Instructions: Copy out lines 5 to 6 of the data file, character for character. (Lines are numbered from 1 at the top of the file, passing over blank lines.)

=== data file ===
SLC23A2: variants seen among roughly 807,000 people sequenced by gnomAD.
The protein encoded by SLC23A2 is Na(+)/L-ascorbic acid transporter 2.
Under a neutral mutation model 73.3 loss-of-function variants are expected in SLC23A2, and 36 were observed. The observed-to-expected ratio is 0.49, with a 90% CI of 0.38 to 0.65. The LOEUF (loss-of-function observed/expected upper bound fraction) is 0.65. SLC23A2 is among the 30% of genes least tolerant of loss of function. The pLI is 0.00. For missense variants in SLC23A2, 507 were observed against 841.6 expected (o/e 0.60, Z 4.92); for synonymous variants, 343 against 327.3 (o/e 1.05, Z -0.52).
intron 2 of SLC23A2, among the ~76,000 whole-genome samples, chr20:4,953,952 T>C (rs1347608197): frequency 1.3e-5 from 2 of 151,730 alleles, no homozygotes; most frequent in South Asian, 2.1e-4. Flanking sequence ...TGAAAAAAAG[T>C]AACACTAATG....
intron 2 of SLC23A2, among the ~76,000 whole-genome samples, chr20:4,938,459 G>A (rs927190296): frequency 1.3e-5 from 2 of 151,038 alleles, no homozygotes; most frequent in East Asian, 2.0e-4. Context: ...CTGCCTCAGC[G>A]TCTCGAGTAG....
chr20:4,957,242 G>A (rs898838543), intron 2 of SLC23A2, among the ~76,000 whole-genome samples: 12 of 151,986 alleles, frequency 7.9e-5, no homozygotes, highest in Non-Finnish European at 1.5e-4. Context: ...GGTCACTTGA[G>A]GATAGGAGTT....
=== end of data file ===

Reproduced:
intron 2 of SLC23A2, among the ~76,000 whole-genome samples, chr20:4,938,459 G>A (rs927190296): frequency 1.3e-5 from 2 of 151,038 alleles, no homozygotes; most frequent in East Asian, 2.0e-4. Context: ...CTGCCTCAGC[G>A]TCTCGAGTAG....
chr20:4,957,242 G>A (rs898838543), intron 2 of SLC23A2, among the ~76,000 whole-genome samples: 12 of 151,986 alleles, frequency 7.9e-5, no homozygotes, highest in Non-Finnish European at 1.5e-4. Context: ...GGTCACTTGA[G>A]GATAGGAGTT....